This past week, the Museum Computer Network (MCN) Conference took place in Pittsburgh, PA. MCN is a conference that explores topics relevant to museum practitioners who work with, or are affected by digital media and technology. AMT Lab had the opportunity to be a sponsor of this event and sent several of our contributors to the conference over the 4 day span. Below are our takeaways from the conference.
The conference featured panels covering an assortment of interesting topics. Our contributors wrote about some of the sessions they enjoyed the most.
Musetech - This conference session took the structure of an unconference with attendees curating the six topics using dots on a collection of possible tracks culled from a preliminary survey distributed in preparation of the panel. The goal was to determine what the group felt was most relevant and important to discuss. The winners were: Data Management, Using Agile as a Management Tool, Communicating to Audiences, Critical Thinking in the Face of Constant Change, Digital Advocacy for Everyone or Everybody Tech, and Outcome and User-Focused Development. The infographic below summarizes the session.
Dynamic Pricing – The Children’s Museum of Indianapolis presented facts and figures regarding reported increases in attendance and revenue as a result of the introduction of a dynamic pricing model. Reactions to this new model are mixed and generated a spectrum of reactions from patrons, both good and bad. The museum utilizes pricing software from Digonex, an industry leader in this space. This software model is compatible with a number of current CRM systems and applies algorithms to generate prices on a daily basis. The findings of this session were:
- Dynamic pricing requires a significant demand for the product or service.
- It is necessary for the prices to fluctuate so that organizations know the reservation price of their audience and how they value the experience.
- Technology developments regarding dynamic pricing are only considering the behavior of the client, excluding the feedback information about how the client feels after paying more or less.
- If information about the dynamic pricing is only available online, the organization might be excluding people that don't plan ahead using the web.
- Museums should consider the collection of data regarding dynamic pricing being inclusive or exclusive to specific income levels.
Becoming Digital Age Storytellers: Questions and Strategies
This panel featured a number of speakers spanning many organizations, each with unique and specific strategies and systems for overcoming the digital divide and creating new and informative experiences. Listed below are just a few of the professionals and their findings:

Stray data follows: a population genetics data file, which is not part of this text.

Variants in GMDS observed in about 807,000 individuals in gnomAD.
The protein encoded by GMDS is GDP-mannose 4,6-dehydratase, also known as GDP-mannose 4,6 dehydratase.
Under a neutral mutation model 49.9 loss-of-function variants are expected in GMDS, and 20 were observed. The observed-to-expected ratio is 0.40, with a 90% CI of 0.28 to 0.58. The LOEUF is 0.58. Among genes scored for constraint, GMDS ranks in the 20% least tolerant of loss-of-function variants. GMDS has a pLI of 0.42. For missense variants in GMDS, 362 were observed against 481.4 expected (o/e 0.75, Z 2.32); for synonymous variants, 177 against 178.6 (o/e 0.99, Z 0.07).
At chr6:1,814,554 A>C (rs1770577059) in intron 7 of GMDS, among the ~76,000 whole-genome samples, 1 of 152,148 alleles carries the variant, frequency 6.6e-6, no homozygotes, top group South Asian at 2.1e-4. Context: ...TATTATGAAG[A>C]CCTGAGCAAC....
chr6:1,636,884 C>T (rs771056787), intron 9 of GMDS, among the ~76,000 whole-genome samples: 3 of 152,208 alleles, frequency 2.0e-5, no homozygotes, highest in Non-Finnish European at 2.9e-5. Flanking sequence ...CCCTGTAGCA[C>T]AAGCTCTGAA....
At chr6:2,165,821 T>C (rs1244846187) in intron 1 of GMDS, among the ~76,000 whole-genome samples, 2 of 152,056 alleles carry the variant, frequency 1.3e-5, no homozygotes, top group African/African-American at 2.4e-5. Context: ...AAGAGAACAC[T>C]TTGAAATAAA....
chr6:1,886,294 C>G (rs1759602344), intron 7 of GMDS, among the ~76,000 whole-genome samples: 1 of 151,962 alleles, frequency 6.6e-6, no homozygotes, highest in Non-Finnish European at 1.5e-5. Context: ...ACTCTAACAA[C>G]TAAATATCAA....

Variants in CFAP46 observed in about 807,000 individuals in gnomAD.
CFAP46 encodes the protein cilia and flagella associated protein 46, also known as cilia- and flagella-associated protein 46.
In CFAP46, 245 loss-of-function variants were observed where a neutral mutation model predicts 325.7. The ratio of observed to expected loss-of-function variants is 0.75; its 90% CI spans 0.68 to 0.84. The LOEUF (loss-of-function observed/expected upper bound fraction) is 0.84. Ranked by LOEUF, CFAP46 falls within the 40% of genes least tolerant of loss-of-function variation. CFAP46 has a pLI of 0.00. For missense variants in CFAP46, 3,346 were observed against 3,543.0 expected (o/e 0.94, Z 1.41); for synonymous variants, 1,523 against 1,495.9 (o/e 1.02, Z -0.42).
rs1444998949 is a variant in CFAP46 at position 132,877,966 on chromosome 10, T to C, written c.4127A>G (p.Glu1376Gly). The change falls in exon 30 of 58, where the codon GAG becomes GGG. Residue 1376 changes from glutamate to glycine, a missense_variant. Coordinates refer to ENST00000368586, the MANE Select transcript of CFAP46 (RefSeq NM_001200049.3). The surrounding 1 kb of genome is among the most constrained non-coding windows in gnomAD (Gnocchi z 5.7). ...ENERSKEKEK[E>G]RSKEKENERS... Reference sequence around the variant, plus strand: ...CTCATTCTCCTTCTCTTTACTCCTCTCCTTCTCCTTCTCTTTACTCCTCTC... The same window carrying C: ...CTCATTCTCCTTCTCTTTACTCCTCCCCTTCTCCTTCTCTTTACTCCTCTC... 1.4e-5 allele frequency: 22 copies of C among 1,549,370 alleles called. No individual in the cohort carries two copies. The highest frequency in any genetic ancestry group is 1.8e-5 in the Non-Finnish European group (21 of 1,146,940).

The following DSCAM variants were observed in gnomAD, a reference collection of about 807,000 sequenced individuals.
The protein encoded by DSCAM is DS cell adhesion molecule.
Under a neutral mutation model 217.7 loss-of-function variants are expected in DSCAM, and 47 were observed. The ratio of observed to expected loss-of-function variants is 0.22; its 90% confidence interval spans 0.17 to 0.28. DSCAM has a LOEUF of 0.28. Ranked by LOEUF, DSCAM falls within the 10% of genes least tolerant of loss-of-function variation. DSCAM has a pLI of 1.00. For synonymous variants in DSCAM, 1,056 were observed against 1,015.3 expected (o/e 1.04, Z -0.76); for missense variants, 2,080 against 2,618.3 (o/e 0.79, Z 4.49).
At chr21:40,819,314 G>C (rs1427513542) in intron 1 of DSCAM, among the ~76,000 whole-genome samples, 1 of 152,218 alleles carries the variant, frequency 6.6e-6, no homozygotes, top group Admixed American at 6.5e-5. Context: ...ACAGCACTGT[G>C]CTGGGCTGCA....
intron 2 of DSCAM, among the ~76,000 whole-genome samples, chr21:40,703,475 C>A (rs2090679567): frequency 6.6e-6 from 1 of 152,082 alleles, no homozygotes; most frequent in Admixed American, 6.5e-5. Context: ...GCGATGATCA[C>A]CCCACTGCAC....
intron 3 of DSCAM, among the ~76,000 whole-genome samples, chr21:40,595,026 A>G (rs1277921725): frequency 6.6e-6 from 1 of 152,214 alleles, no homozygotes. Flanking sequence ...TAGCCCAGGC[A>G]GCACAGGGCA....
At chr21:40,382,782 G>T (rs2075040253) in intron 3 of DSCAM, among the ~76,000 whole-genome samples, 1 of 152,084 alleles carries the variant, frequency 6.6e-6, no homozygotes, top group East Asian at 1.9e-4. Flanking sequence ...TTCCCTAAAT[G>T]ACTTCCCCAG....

Goal: Elevate the audience to the role of storyteller by creating a content platform for sharing stories of immigration and migration.
Challenge: How do you scaffold the experience so users are set up for success. How do organizations ensure that these stories are given appropriate consideration?
Silvina Fernandez-Duque, Product Manager, US Holocaust Memorial Museum: Through a partnership with Parson’s School of Design, her organization was tasked to think tank game designs that would appeal to school age children. Out of six prototypes, they selected JOIND, a choose your own adventure texting game wherein the user plays the character Paul as he discovers the hardships of his Jewish friend during the Holocaust. The goal is to contemporize an experience and enable young audiences to better understand these historical moments.
Challenges: Designing a game while maintaining logic and order through the visitor experience
Goal: Present individual stories that can serve as a representation of millions of lives and experiences through the Holocaust, while maintaining historical accuracy.
Tools: Observational documentaries as a model for story structure
Kristin Bayans, Manager of Interpretive Media, Portland Art Museum: A local/regional project, Object Stories. This project consists of 4 exhibitions each year, each featuring 5-6 stories. This is a place for communities to address issues affecting their lives. The goal is to deepen audience's relationship with the museum through conversation and sharing stories.
Challenges: Pushing organizational change to adapt to the needs of this project. Discovering new platforms to extend the featured stories beyond the physical gallery.
Goal: Consider an organization’s responsibility toward the people they are representing. How do organizations help people represent themselves in stories? The goal is for the project to be community driven, so as to be presented in their voice. They hold community roundtables before each exhibit, and throughout the planning process, and host storytelling workshops.
Tools: Podcast, How Sound, a bi-weekly podcast about storytelling
Abigail Newkirk, Director of Interpretation & Education, Stratford Hall. Building a Mobile Tour and Developing Stories of Enslavement at Stratford Hall, to present an alternative to the predominantly white historical recounts common in the field and at Stratford Hall to date.
Challenges: Lack of data and historical records of enslavement at Stratford. The facts and frameworks of this project were sourced from many individual places.
Goals: Consider you organization’s thoughts on your responsibility toward the people you are representing? Organizations must be aware of how stories can be weaponized and used to fit within a given agenda. Be aware of biases behind the documentation process.
Tools: Pocast, Its Been a Minute
Did you attend this year's MCN conference? Tell us your about your favorite panels and discussions in the comments below.